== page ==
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Shuttle launch moved to May 22

NASA: More analysis needed on new damage inspection system
Discovery has had 286 modifications, including 41 recommended by the Columbia Accident Investigation Board.
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After a three-year hiatus, NASA plans a launch this May.

Shuttle Discovery moved to assembly building.
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(CNN) -- NASA announced Wednesday it had moved the launch date for the space shuttle Discovery to May 22, a week later than previously scheduled.

The space agency had targeted Discovery for a May 15 launch date.

"The 15th was always just a target," said shuttle program manager Bill Parsons. "We always knew we would evaluate that as we got closer."

Parsons and his deputy, Wayne Hale, made the announcement on a conference call with reporters.

They cited paperwork delays and the need for more time to analyze test results on the new orbital boom sensor system -- a robotic arm mounted in the shuttle's payload bay that is tipped with a suite of cameras and other instruments.

Astronauts will use the boom to inspect tiles on an orbiter's wings and nose cone for any damage that might have occurred during launch.

The shuttle fleet has been grounded since the Columbia broke apart February 1, 2003, over Texas while on approach to Kennedy Space Center in Florida.

NASA has a window from May 15 to June 3 in which to launch the shuttle on a rendezvous trajectory with the international space station.

The window is limited because the agency has committed to daytime launches for the next two missions to provide ideal lighting conditions for upgraded cameras that will image the shuttle as it climbs into orbit.

If NASA does not launch in the window that closes June 3, it would have to wait until mid-July for conditions to be acceptable again.

Repair techniques

In August 2003, the independent Columbia Accident Investigation Board concluded that insulating foam flew off the shuttle's external fuel tank during lift off, striking and cracking a panel on the orbiter's wing.

When the shuttle re-entered the atmosphere, searing hot gases seeped into the wing and incinerated the spacecraft.

The underside of a space shuttle is covered with insulating tiles. The cone and edges of the wings are clad with reinforced carbon-carbon panels.

They make up the thermal protection system designed to protect the shuttle during the heat of re-entry.

Before the Columbia accident, astronauts had no way to inspect the thermal protection system and repair damage in orbit.

Development of such capability was one of 15 recommendations the CAIB laid out for NASA to complete before returning the shuttle fleet to service.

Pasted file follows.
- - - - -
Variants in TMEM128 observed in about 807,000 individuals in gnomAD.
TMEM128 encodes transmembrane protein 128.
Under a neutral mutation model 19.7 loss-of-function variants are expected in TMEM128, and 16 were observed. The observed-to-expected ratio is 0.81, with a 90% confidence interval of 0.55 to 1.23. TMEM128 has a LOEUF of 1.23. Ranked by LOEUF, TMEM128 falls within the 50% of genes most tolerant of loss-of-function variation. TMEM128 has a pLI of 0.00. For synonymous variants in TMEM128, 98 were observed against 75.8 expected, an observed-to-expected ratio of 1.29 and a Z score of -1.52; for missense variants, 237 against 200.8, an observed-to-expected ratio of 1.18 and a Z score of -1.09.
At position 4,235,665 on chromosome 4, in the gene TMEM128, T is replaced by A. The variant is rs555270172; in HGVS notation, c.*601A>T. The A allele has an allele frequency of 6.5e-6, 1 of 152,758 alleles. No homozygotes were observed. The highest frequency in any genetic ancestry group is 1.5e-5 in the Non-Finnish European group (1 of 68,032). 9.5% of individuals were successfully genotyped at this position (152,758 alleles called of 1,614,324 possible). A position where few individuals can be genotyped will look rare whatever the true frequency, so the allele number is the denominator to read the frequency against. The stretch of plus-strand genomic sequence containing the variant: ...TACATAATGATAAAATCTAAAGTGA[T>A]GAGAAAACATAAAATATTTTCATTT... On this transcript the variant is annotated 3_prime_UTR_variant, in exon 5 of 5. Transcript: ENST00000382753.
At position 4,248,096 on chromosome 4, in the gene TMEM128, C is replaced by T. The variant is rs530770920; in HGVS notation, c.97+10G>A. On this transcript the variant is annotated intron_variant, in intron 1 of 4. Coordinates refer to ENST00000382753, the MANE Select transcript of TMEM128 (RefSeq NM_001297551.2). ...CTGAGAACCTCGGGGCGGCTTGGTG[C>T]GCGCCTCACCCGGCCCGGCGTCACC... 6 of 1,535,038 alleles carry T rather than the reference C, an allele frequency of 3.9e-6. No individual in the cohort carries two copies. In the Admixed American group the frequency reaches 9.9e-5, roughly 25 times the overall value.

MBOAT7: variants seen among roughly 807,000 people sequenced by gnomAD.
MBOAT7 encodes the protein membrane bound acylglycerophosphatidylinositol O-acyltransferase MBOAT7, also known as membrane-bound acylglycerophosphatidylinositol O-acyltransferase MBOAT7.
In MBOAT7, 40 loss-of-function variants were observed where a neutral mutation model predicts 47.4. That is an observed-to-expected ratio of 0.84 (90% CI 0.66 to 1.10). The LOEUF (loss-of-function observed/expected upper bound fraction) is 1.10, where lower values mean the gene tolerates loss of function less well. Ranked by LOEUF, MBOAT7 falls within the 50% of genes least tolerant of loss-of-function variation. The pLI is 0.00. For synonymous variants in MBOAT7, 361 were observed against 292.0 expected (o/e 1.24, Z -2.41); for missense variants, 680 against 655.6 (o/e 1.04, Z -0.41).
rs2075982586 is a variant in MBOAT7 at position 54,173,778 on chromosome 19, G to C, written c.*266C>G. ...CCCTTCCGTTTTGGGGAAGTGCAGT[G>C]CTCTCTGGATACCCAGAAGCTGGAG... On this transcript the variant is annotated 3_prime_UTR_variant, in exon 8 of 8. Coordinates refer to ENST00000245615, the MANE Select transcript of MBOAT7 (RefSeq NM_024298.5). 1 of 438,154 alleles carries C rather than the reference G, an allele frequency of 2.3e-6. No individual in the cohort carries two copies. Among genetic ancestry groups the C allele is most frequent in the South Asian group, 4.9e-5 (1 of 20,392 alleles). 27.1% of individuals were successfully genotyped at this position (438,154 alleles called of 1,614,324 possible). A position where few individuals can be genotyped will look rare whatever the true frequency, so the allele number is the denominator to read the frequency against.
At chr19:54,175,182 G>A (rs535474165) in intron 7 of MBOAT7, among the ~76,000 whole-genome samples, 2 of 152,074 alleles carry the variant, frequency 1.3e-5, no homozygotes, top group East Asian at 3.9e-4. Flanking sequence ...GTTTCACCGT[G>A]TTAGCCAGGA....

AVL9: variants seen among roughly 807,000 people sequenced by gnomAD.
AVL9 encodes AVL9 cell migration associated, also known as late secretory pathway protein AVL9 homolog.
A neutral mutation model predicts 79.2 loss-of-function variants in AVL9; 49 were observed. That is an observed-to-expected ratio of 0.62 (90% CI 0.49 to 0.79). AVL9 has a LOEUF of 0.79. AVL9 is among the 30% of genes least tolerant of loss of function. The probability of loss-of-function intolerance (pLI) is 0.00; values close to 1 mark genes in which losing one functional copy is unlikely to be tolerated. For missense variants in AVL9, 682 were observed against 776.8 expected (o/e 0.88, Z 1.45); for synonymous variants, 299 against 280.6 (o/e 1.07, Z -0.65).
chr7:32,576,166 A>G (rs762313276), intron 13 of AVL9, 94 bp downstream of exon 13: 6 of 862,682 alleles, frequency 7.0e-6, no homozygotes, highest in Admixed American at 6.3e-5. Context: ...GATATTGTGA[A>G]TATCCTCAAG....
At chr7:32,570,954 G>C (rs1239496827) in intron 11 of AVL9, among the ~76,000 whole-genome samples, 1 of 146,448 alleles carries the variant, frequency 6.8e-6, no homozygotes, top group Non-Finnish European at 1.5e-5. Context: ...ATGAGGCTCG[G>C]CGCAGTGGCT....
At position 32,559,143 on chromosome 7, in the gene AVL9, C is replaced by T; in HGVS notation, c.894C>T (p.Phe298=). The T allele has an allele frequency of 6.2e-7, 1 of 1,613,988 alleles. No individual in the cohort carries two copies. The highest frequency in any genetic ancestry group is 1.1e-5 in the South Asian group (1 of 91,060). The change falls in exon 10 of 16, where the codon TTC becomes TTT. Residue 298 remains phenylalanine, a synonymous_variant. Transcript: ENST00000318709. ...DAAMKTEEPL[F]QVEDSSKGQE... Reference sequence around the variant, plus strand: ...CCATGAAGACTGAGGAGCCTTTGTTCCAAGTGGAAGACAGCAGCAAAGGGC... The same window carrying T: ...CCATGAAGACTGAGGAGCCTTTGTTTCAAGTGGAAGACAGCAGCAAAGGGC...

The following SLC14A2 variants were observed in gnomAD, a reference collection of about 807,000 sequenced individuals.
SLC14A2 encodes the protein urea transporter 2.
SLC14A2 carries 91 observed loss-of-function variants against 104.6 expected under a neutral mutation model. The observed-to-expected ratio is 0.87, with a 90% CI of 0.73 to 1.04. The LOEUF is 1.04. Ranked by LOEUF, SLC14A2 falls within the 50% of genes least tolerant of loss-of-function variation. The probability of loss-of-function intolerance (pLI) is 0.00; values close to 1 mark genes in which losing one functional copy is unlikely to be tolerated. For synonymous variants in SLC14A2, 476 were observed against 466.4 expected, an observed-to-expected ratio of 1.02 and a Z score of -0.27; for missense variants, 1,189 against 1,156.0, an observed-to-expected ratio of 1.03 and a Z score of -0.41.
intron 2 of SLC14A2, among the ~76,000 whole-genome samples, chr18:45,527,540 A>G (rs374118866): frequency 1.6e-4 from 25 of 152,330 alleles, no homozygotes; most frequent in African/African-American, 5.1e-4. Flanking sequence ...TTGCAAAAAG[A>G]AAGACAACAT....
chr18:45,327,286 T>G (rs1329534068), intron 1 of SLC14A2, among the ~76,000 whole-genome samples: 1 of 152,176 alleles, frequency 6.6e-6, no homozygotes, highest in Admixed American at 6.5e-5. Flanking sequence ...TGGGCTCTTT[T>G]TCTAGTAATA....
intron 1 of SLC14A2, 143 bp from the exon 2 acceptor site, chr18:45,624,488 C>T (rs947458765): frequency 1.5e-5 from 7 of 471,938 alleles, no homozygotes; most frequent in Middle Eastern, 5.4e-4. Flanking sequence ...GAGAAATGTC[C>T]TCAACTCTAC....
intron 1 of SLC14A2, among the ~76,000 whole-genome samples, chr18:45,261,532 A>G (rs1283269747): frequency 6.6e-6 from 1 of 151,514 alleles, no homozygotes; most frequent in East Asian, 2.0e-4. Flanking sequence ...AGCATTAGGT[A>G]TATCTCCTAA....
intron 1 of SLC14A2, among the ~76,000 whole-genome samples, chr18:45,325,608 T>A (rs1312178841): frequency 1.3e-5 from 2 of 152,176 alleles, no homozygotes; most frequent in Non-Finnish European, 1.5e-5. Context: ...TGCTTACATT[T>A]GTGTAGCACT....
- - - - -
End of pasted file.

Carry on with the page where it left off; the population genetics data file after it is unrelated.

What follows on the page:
According to Wayne Hale, NASA scientists are still wrapping up certification tests on the orbiter boom sensor system and that was one reason the launch date has been delayed.

Developing effective repair techniques has been particularly vexing to NASA. Two methods will undergo limited testing by Discovery astronauts, but mission managers admit they will likely need to be modified before they can be certified.

Virtually everyone at NASA agrees astronauts would never be able to repair a hole the size of the one that doomed Columbia.

But NASA has made what its engineers believe is good progress toward eliminating the possibility that large debris would be shed from the shuttle's external tank.

And the agency has developed a plan to use the space station as a "safe haven" for astronauts in the event of an in-orbit emergency.

In such a scenario, a shuttle crew would live aboard the station for six to eight weeks while another orbiter was prepped for a rescue mission.

Return to flight

After the Columbia disaster, NASA was castigated for safety lapses and complacency about risks to the shuttle.

NASA was forced to change its safety culture and re-evaluate the shuttle's flight worthiness after Columbia burned up.

Since then, Discovery has had 286 modifications, including 41 recommended by the CAIB.

The Stafford-Covey Return to Flight Task Group, the independent oversight group chartered by NASA to certify the agency has met all CAIB recommendations, has yet to issue its final report.

A meeting to draw up the report had been scheduled for late March, but was postponed to allow NASA to finish paperwork the task group had requested.

Parsons said he expects a Stafford-Covey meeting to be scheduled the first week in May.

NASA's new chief, Michael Griffin, said Monday he might let the space shuttle return to flight even if the independent panel had not signed-off on some safety improvements, Reuters reported. (Full story)

"I cannot begin at this time to say under what specific conditions that NASA might elect to go ahead with the launch, given a disparity of opinion between various interested parties as to whether we should or shouldn't," Griffin said.

Earlier this month, Discovery reached a major milestone when it was rolled out to the launch pad at Kennedy Space Center on Cape Canaveral.

"We feel very comfortable that this will be a very safe mission, and we would not launch if we didn't feel this would be a very safe launch," NASA spokeswoman Jessica Rye told at the time.

The Discovery crew continues to prepare for the flight and is confident the mission will be safe.

"We have come a long way, and in that respect, we are ready to fly this mission," said shuttle commander Eileen Collins the day after the rollout.

CNN's Kate Tobin and Michael Coren contributed to this report

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